When Dickens hits the big screen, you naturally get a lot of plot for your money, which can be a mixed blessing. Ultimately, the substantial and often involving aspects of director Mike Newell’s adaptation of Great Expectations tends to get bogged down by the knotty entanglements of a grand and complicated tale, crammed in not always graceful ways into a two-hour time frame. Even so, the new Newell version of Great Expectations, the seventh screen adaptation to date, is — thanks to David Nicholls’s screenplay and attention to period detail — a faithfully Dickensian encounter. It serves as a fine young person’s guide to the classic, especially compared to the modernized Alfonso Cuarón number from 1998, with Ethan Hawke and Gwyneth Paltrow.
Pity and savor our hero Pip (played by Jeremy Irvine and his younger brother, Toby), a poor young blacksmith in training swept up into the lavish and evil scheme of his landed gentrification in London. Lurking in the margins of our young and naïve hero’s fate are the machinations of heavily backstoried adult manipulators Miss Havisham and Abel Magwitch, the convict who would be hero. At the core is Pip’s unquenchable love for the pale, lovely, and emotionally cool Estella (Holliday Grainger), whose affections may or may not be won in the purposefully vague finale here. Alas, the plots thicken, and sweeten, and thicken some more.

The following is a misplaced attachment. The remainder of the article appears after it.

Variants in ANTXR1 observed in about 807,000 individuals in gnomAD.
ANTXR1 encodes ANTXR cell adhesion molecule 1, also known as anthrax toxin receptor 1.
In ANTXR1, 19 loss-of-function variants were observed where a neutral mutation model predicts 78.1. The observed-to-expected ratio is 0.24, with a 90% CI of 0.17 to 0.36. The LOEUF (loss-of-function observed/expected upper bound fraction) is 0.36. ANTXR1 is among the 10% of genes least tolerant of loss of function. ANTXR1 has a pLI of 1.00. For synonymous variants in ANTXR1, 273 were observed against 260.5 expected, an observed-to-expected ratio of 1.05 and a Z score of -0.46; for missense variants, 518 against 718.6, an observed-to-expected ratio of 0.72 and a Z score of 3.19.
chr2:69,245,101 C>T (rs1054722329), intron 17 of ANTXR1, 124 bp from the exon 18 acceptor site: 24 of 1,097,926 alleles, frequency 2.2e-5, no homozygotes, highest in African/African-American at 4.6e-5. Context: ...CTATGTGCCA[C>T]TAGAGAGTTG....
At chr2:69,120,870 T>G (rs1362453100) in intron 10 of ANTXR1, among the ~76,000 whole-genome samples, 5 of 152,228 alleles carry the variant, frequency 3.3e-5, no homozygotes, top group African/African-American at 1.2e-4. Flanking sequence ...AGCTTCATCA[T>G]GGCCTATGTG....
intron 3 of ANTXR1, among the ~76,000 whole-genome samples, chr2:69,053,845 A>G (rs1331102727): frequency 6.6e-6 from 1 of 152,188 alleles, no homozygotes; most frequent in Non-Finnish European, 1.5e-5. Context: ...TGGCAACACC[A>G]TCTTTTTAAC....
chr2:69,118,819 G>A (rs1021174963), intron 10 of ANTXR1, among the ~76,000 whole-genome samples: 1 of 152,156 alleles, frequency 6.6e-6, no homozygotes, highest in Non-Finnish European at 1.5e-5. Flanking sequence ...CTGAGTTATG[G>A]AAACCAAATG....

In this film, some of the more pleasurable parts are on the supportive sidelines, principally in the form of Helena Bonham Carter, brandishing her deliciously sinister side as Miss Havisham, and Ralph Fiennes as believably scraggly and noble Magwitch. With their raggedy and game character-actor powers, Carter and Fiennes gruffly outshine the solid but young leads in a story where the starkly contrasting milieus of social stations, morals, and manners play critical roles.
For all its worthy and working strategies, though, things fall short in the latest Great Expectations, and expectations are short-sold. Locations and production values are true to the period, but the musical score is all distracting modern movie lip gloss, amid other compromising factors. This BBC-funded film too often feels like its dramatic dimensions narrow down to the cozy and glossy qualities of BBC television miniseries, packed into a too-small and too-smug box.
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